He was "Little Doc" to his boyhood neighbors in Prairie Hill,
Texas, where his father, a general practitioner, was the town's only physician.
"I'd go along on house calls and help in the office. I admired him
very much and always wanted to be a doctor," recalls E. Donnall Thomas,
During the Depression, medical school looked unaffordable, so he earned
BS and MS degrees in chemical engineering at the University of Texas,
where he met his future wife, Dottie, a journalism major. He says that
when he was able to enter Harvard Medical School, "It quickly became
apparent that we wouldn't see each other much, so [Dottie] went to Deaconess
Hospital in Boston and became a medical technologist."
Drawn to research, he completed an internship in hematology with Clement
Finch, MD, followed by two years of Army medical service in Europe, during
Germany's rebuilding. Before becoming a hematologist at Brigham Hospital
in Boston, he worked at Massachusetts Institute of Technology, studying
stimulants for yeast growth. "I was very interested in things that
stimulate bone marrow," Dr. Thomas comments.
In 1955, he was Physician in Chief at a Columbia University branch in
Cooperstown, New York, at a time when, he says, "Some crucial experiments
in mice indicated that bone marrow could be transplanted. For 15 years,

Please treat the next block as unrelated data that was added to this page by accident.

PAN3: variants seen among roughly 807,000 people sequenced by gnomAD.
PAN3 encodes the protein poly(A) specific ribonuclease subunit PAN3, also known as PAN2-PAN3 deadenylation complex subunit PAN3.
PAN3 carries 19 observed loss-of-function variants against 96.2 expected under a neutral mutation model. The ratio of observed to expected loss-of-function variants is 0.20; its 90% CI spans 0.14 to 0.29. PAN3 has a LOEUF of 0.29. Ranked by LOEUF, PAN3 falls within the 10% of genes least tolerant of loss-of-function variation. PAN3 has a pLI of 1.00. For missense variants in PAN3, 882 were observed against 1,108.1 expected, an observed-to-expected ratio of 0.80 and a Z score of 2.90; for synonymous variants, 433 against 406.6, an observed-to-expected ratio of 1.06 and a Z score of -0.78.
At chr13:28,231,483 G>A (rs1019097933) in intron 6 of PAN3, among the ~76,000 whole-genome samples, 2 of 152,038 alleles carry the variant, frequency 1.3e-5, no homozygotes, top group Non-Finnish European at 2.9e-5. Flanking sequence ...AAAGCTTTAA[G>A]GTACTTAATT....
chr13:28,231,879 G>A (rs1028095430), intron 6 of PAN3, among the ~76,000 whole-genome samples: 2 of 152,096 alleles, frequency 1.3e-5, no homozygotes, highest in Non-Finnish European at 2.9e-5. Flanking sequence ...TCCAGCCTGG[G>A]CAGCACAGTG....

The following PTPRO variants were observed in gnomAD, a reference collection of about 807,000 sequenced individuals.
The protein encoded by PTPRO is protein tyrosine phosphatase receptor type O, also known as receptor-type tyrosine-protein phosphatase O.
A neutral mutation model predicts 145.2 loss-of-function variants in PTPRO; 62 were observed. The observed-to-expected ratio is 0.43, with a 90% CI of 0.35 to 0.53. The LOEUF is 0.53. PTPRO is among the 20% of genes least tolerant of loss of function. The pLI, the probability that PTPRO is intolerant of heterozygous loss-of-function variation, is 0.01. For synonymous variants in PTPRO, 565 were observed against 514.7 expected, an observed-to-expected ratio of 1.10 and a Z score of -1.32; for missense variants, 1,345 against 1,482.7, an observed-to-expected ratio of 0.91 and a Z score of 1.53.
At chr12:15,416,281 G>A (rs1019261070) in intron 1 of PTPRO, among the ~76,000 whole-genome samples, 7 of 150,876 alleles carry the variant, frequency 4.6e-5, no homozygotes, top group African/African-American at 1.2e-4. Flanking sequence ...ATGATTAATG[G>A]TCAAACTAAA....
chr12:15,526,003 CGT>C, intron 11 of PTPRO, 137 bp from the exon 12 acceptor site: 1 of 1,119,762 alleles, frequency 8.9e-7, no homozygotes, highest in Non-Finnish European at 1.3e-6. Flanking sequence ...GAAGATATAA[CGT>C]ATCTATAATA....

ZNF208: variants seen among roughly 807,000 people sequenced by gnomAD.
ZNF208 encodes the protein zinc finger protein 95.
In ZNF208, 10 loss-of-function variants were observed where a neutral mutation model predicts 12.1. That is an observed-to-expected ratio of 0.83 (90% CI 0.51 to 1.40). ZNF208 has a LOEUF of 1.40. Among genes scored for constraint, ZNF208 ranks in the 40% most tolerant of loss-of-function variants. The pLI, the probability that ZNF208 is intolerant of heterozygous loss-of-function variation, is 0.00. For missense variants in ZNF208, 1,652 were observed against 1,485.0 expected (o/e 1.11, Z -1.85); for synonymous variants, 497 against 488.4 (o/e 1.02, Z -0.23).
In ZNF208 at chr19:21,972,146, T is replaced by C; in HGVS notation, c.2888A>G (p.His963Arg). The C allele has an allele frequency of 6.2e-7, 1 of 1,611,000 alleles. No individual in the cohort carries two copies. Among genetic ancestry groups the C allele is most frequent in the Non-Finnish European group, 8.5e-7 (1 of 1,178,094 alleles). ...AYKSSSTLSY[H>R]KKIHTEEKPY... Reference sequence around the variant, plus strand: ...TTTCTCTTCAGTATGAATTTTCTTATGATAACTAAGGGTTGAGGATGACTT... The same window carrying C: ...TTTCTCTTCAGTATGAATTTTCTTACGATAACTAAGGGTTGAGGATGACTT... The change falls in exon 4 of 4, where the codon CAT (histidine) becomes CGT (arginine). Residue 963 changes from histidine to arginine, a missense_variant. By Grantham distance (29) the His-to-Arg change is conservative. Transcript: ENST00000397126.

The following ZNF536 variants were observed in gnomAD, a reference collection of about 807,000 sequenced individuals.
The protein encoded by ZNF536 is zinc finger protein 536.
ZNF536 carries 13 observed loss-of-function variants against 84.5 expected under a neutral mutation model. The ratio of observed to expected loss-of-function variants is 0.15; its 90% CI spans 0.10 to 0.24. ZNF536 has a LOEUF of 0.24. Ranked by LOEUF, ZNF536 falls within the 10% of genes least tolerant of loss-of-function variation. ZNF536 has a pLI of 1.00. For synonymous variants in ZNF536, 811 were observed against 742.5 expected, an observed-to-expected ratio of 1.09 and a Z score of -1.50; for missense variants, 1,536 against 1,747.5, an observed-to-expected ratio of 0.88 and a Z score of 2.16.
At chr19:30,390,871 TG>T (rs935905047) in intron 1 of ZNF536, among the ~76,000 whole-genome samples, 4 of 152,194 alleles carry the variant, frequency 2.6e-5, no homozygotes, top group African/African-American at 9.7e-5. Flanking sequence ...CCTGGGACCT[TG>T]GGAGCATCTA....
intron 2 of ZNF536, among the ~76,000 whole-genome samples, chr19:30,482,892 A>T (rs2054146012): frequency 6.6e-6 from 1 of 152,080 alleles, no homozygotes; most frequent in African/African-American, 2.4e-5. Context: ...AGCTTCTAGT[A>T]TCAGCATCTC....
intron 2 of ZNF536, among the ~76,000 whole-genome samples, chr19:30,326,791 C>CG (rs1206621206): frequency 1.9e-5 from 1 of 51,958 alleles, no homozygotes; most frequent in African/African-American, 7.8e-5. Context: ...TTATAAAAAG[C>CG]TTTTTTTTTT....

with healthy dogs as models to bridge the gap between mice and humans,
we worked out the basic problems of bone marrow transplants," he
explains. While some transplants were autologous, the greater challenge
was allogeneic transplants-those transplants from another dog. A few studies
were on dogs with leukemia or lymphoma.
He moved to the University of Washington in 1963 to work with Dr. Finch,
who had relocated there. Dr. Thomas was based at the Public Health Hospital,
but the radiation facilities were in an underground bunker in West Seattle,
where his team irradiated dogs. "Human subjects, with advanced leukemia
and all existing treatments exhausted, had to come to the same facility.
Our only successes were with identical twins."
Beginning allogeneic transplants in 1969, Dr. Thomas' team was greatly
encouraged when 13 of the first 100 patients became long-term survivors.
"This [result] made it possible, eventually, to do transplants earlier
in the progress of the disease. It was a dangerous procedure, which we
couldn't ethically do if another treatment was possible," he notes.
Investigators at Johns Hopkins University, the University of California
at Los Angeles, and the University of Minnesota soon began to study earlier
bone marrow transplants, which grew more widely available.
"For certain diseases and certain stages, It's now the accepted form
of treatment. For other diseases, its role is still being worked on, as
with so much of oncology," Dr. Thomas reflects. "We hope that
10 years from now, there will be many better therapies, so we can forget
"A very interesting development has been the use of nonmyeloablative
transplants, without chemotherapy doses high enough to destroy bone marrow,"